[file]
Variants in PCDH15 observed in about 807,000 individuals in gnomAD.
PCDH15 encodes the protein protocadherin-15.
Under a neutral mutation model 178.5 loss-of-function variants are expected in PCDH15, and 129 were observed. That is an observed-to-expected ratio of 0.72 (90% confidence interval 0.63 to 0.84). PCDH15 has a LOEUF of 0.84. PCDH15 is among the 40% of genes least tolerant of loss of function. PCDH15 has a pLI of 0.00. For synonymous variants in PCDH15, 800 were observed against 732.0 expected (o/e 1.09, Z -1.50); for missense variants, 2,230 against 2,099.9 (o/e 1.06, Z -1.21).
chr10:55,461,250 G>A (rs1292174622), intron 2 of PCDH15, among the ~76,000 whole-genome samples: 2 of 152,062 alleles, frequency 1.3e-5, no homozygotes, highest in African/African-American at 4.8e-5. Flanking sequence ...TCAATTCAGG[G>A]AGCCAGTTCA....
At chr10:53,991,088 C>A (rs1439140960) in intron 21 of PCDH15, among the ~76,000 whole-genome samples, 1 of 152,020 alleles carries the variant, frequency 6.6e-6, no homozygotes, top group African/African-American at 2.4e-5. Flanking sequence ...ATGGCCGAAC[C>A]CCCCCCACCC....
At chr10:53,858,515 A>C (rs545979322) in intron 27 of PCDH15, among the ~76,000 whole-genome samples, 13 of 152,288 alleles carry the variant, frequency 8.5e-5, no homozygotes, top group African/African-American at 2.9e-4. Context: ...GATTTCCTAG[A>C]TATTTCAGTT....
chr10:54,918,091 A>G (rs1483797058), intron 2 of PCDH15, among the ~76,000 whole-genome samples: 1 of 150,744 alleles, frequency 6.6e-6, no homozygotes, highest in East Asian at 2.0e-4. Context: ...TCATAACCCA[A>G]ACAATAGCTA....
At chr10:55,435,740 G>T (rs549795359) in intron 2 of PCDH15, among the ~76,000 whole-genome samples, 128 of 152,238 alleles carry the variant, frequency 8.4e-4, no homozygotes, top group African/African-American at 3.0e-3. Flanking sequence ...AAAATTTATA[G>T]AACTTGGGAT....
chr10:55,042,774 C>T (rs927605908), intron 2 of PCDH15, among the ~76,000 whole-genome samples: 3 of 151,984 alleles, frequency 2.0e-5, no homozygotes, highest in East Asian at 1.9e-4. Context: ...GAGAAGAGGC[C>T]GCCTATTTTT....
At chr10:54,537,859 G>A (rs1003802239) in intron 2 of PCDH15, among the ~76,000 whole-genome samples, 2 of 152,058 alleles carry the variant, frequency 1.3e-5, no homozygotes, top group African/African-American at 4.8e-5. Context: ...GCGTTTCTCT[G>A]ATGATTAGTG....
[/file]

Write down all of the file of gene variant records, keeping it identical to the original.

Variants in PCDH15 observed in about 807,000 individuals in gnomAD.
PCDH15 encodes the protein protocadherin-15.
Under a neutral mutation model 178.5 loss-of-function variants are expected in PCDH15, and 129 were observed. That is an observed-to-expected ratio of 0.72 (90% confidence interval 0.63 to 0.84). PCDH15 has a LOEUF of 0.84. PCDH15 is among the 40% of genes least tolerant of loss of function. PCDH15 has a pLI of 0.00. For synonymous variants in PCDH15, 800 were observed against 732.0 expected (o/e 1.09, Z -1.50); for missense variants, 2,230 against 2,099.9 (o/e 1.06, Z -1.21).
chr10:55,461,250 G>A (rs1292174622), intron 2 of PCDH15, among the ~76,000 whole-genome samples: 2 of 152,062 alleles, frequency 1.3e-5, no homozygotes, highest in African/African-American at 4.8e-5. Flanking sequence ...TCAATTCAGG[G>A]AGCCAGTTCA....
At chr10:53,991,088 C>A (rs1439140960) in intron 21 of PCDH15, among the ~76,000 whole-genome samples, 1 of 152,020 alleles carries the variant, frequency 6.6e-6, no homozygotes, top group African/African-American at 2.4e-5. Flanking sequence ...ATGGCCGAAC[C>A]CCCCCCACCC....
At chr10:53,858,515 A>C (rs545979322) in intron 27 of PCDH15, among the ~76,000 whole-genome samples, 13 of 152,288 alleles carry the variant, frequency 8.5e-5, no homozygotes, top group African/African-American at 2.9e-4. Context: ...GATTTCCTAG[A>C]TATTTCAGTT....
chr10:54,918,091 A>G (rs1483797058), intron 2 of PCDH15, among the ~76,000 whole-genome samples: 1 of 150,744 alleles, frequency 6.6e-6, no homozygotes, highest in East Asian at 2.0e-4. Context: ...TCATAACCCA[A>G]ACAATAGCTA....
At chr10:55,435,740 G>T (rs549795359) in intron 2 of PCDH15, among the ~76,000 whole-genome samples, 128 of 152,238 alleles carry the variant, frequency 8.4e-4, no homozygotes, top group African/African-American at 3.0e-3. Flanking sequence ...AAAATTTATA[G>T]AACTTGGGAT....
chr10:55,042,774 C>T (rs927605908), intron 2 of PCDH15, among the ~76,000 whole-genome samples: 3 of 151,984 alleles, frequency 2.0e-5, no homozygotes, highest in East Asian at 1.9e-4. Context: ...GAGAAGAGGC[C>T]GCCTATTTTT....
At chr10:54,537,859 G>A (rs1003802239) in intron 2 of PCDH15, among the ~76,000 whole-genome samples, 2 of 152,058 alleles carry the variant, frequency 1.3e-5, no homozygotes, top group African/African-American at 4.8e-5. Context: ...GCGTTTCTCT[G>A]ATGATTAGTG....